The predicted 100-degree-plus temperatures have so far failed to materialize. Still pretty warm – we recorded 91.6 late Sunday afternoon.

Earlier that morning, about 9 a.m., I was helping Ms. Gloria and Patty Yates set up their booth at the Winthrop Market, when a young couple stopped to chat. They had been to a wedding at Balky Hill the day before, and the first words from his mouth were, “Boy, I sure don’t like this heat.” This was morning, in the shade.

He continued his view of the weather, stating that they were from Bellingham (“It doesn’t get this hot there”) and after 20 years, this had been their first venture over the North Cascades Highway. They were suitably impressed.

The day before, we watched the black clouds approaching from the southwest and soon the thunder was grumbling. About a quarter-hour after that, the lightning was visible to the east, and as we were told, Twisp got a major dump of rain and two small lightning fires had ignited down valley.

The forecast for this coming Fourth of July weekend has mellowed from previous dire heat predictions and now contemplates temperatures in the 80s.

From Bill Pope we got notice of a Move The Hut Organization event at the Community Club on Saturday (July 6) at 6 p.m.  This is to be a “barbecue for all ages with dancing to music by local valley rockers, and more.” This is an RSVP event if you are planning to dine, $10 for adults, $5 for under 12 years old. Music will be by Morgan Smith, Ray Robertson, Jeff Ulmer and Randy McGregor. The fête will go until 10 p.m. and the weather looks accommodating. To RSVP, email info@movethehut.org.

We got our acts confused in last week’s “Brush With Stardom” by Mary Sharman. Her stepbrother did not, as written, play guitar with Frank Zappa, he played ping-pong with the rock star. This correction is the net result of our misinformation, and we should be paddled for the mistake.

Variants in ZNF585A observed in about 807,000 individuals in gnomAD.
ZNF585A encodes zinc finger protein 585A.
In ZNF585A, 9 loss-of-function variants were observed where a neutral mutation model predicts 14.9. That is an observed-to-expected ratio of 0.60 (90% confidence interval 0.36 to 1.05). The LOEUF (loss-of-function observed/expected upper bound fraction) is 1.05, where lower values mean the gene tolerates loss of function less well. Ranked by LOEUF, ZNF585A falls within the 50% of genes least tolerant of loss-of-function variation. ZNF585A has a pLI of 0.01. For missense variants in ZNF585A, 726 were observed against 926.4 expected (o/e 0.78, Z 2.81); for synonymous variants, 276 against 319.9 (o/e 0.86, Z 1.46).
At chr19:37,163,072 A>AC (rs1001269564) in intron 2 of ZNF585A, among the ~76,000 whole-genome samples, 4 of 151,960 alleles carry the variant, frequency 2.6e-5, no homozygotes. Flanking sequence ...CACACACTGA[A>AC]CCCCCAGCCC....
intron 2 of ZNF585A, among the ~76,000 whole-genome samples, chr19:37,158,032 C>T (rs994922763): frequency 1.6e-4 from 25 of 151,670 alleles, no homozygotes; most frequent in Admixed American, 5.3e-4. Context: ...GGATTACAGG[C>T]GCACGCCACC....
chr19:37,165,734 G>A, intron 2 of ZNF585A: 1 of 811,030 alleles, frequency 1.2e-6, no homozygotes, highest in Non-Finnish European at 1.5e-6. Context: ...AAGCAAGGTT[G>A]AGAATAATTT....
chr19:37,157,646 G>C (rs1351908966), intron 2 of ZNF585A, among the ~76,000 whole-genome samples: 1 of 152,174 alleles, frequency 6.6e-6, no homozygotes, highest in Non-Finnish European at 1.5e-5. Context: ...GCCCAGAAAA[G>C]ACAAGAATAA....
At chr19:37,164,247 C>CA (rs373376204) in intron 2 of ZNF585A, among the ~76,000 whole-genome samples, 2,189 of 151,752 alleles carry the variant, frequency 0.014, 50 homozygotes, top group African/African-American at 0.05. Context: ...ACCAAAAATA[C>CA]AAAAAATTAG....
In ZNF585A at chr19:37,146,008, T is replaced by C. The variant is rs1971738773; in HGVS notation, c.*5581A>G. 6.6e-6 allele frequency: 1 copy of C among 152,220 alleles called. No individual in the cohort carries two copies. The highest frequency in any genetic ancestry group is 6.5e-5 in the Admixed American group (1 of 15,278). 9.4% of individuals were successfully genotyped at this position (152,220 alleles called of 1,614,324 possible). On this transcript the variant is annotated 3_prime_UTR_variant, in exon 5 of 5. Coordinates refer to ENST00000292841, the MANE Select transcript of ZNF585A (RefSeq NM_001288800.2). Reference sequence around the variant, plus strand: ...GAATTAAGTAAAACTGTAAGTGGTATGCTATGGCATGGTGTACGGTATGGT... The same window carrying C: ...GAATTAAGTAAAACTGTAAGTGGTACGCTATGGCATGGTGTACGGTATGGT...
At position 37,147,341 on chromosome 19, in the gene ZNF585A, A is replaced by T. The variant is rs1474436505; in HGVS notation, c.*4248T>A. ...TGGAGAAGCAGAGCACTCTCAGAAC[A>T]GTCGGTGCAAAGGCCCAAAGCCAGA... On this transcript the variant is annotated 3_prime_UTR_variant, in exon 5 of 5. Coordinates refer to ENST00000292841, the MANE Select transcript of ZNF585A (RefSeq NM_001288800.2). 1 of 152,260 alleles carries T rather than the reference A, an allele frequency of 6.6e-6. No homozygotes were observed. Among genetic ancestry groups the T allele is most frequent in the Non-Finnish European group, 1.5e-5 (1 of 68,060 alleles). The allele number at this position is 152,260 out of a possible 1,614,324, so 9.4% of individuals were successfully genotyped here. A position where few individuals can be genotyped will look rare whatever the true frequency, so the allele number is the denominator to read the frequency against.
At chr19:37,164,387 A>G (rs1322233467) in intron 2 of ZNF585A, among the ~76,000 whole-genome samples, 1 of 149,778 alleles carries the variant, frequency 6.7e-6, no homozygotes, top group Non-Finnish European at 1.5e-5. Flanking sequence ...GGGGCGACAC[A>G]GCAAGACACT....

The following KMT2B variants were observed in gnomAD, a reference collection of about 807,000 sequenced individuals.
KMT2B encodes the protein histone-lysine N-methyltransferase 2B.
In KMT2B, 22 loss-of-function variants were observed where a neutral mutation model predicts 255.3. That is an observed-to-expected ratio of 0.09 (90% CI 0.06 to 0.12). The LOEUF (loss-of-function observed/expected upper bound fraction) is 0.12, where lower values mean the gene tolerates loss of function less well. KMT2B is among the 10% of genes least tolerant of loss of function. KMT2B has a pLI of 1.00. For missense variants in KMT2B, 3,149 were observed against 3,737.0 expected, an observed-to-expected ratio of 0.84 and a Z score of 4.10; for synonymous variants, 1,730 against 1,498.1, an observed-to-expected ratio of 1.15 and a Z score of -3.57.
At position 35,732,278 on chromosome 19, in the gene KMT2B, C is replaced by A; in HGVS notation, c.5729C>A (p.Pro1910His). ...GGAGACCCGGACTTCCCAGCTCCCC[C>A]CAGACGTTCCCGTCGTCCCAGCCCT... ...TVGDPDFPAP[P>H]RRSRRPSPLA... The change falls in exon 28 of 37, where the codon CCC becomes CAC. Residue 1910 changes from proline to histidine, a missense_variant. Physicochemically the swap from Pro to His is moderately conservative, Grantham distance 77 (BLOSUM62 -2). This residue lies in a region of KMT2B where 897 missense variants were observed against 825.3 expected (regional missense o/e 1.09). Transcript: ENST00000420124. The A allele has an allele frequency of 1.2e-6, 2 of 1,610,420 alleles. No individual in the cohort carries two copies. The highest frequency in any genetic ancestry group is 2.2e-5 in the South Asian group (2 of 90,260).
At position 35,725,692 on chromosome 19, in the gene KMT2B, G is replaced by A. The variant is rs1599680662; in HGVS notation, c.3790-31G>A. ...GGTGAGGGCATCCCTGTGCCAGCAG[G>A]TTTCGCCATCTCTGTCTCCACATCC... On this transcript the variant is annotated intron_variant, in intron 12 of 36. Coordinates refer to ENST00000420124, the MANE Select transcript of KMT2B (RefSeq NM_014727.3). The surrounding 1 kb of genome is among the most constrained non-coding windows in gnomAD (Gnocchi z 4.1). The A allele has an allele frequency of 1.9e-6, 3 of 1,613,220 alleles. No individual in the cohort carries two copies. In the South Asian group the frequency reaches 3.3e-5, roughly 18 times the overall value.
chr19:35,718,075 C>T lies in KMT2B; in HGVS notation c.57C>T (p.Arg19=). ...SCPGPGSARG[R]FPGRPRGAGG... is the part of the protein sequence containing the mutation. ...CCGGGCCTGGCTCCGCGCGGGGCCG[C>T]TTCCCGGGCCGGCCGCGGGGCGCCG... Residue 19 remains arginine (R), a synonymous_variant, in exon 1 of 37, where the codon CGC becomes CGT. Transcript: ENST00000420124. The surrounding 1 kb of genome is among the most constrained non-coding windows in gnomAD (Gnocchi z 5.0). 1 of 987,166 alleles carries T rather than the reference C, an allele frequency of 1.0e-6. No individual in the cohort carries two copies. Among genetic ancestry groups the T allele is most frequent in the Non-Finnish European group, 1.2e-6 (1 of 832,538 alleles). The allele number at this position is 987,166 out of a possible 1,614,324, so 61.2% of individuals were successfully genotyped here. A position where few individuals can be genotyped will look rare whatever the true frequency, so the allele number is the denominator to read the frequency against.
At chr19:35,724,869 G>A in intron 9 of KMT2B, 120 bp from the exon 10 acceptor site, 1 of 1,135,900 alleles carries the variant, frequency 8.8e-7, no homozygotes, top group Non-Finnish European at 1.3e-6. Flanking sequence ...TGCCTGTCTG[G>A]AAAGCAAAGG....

When last week we commended the Methow Valley Sport Trails Association and the Washington Department of Fish and Wildlife department for finally grading the Dripping Springs Road – access to the Big Valley trail – we did not include the real hero of the endeavor, Andy Oosterhof, who smoothed out the Beirut-like road.

There may not seem to be much heroism involved in simply grading a road unless you are pulling a horse trailer containing one to three cayuses. The Dripping Springs Road was so bad, even for a sedan with air suspension, that the horses were getting freaked out by the bouncing and avoidance measures of the pulling vehicle. That’s how it was portrayed last week by a member of the valley horsewomen’s group – so bad that they had mostly given up on riding the popular and scenic trail. On behalf of the drivers, the horses and many casual users, thanks again Andy. You did a great job.


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